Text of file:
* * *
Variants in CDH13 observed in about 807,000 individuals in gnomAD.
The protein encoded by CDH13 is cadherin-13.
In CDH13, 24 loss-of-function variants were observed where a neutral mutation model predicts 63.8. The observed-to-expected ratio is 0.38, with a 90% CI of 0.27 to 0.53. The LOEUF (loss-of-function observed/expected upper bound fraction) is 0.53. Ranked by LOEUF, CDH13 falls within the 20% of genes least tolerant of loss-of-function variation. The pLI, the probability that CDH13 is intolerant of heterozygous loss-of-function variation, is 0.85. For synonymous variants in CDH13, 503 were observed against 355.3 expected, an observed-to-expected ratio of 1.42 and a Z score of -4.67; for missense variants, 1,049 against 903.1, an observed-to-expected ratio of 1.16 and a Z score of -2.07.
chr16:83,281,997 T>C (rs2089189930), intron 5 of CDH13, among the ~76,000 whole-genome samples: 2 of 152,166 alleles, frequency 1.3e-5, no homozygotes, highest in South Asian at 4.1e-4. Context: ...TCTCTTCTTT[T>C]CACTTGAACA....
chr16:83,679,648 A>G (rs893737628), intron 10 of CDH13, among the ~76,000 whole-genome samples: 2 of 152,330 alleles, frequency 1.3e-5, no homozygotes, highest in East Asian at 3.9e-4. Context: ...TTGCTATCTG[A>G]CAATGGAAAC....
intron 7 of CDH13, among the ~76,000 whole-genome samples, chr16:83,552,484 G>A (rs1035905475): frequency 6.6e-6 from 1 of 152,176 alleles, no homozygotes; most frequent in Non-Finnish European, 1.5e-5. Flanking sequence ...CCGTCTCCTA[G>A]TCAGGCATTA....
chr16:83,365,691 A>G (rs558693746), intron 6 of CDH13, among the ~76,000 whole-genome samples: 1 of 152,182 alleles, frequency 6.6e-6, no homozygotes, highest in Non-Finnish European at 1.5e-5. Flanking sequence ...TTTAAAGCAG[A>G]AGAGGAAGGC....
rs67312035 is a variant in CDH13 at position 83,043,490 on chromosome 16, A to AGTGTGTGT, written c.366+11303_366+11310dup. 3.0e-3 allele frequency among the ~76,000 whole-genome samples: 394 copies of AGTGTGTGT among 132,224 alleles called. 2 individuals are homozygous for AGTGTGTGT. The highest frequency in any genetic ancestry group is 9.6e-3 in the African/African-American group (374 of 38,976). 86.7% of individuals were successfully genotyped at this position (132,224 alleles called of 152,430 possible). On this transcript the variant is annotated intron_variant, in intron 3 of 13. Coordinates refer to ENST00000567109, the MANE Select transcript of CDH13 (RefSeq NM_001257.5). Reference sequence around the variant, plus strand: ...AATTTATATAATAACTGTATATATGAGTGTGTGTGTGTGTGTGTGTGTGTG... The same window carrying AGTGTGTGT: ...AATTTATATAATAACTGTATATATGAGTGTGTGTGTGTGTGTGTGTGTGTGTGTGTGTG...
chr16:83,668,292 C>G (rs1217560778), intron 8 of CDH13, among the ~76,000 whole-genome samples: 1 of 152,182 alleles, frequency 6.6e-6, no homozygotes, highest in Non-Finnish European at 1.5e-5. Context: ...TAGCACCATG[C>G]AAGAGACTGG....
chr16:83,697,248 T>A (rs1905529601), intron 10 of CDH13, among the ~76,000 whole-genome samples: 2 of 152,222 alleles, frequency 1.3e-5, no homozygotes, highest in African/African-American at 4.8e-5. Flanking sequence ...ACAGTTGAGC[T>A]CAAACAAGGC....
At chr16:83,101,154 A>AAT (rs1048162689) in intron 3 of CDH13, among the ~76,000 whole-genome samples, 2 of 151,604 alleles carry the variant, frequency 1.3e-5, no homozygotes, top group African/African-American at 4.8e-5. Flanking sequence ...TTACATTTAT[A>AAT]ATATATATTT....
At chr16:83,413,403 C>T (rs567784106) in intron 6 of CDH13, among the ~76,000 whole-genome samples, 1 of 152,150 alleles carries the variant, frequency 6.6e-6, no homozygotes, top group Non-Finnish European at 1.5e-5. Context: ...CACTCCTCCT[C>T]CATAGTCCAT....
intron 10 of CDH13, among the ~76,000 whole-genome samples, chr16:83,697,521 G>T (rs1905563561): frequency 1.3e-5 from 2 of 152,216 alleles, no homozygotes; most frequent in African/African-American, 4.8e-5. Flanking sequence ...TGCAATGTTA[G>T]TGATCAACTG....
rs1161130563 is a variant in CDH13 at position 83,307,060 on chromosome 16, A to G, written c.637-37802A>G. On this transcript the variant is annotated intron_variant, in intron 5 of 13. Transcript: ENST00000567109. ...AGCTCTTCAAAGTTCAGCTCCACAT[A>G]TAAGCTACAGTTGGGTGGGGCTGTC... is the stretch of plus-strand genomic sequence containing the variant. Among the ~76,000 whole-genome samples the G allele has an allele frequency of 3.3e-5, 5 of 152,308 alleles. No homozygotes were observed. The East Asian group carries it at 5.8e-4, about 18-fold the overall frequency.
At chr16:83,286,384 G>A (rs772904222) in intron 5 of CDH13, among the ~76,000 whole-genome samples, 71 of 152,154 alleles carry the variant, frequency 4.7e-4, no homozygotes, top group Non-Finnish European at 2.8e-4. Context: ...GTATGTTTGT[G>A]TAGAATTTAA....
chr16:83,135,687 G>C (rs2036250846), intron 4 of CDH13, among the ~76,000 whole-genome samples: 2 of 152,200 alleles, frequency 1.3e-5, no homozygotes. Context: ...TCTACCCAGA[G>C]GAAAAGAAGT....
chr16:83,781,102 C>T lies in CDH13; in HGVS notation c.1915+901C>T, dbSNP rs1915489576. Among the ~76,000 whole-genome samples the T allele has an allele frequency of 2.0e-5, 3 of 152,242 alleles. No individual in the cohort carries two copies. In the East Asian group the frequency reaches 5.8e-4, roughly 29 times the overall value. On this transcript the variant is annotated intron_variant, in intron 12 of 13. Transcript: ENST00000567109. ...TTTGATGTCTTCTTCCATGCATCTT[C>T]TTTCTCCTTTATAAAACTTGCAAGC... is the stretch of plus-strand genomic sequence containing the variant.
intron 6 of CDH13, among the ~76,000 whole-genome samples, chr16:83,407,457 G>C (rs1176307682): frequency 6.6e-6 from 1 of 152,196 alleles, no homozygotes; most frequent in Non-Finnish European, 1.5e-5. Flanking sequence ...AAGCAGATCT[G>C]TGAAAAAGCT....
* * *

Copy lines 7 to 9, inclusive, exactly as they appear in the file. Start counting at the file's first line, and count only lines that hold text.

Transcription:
chr16:83,365,691 A>G (rs558693746), intron 6 of CDH13, among the ~76,000 whole-genome samples: 1 of 152,182 alleles, frequency 6.6e-6, no homozygotes, highest in Non-Finnish European at 1.5e-5. Flanking sequence ...TTTAAAGCAG[A>G]AGAGGAAGGC....
rs67312035 is a variant in CDH13 at position 83,043,490 on chromosome 16, A to AGTGTGTGT, written c.366+11303_366+11310dup. 3.0e-3 allele frequency among the ~76,000 whole-genome samples: 394 copies of AGTGTGTGT among 132,224 alleles called. 2 individuals are homozygous for AGTGTGTGT. The highest frequency in any genetic ancestry group is 9.6e-3 in the African/African-American group (374 of 38,976). 86.7% of individuals were successfully genotyped at this position (132,224 alleles called of 152,430 possible). On this transcript the variant is annotated intron_variant, in intron 3 of 13. Coordinates refer to ENST00000567109, the MANE Select transcript of CDH13 (RefSeq NM_001257.5). Reference sequence around the variant, plus strand: ...AATTTATATAATAACTGTATATATGAGTGTGTGTGTGTGTGTGTGTGTGTG... The same window carrying AGTGTGTGT: ...AATTTATATAATAACTGTATATATGAGTGTGTGTGTGTGTGTGTGTGTGTGTGTGTGTG...
chr16:83,668,292 C>G (rs1217560778), intron 8 of CDH13, among the ~76,000 whole-genome samples: 1 of 152,182 alleles, frequency 6.6e-6, no homozygotes, highest in Non-Finnish European at 1.5e-5. Context: ...TAGCACCATG[C>G]AAGAGACTGG....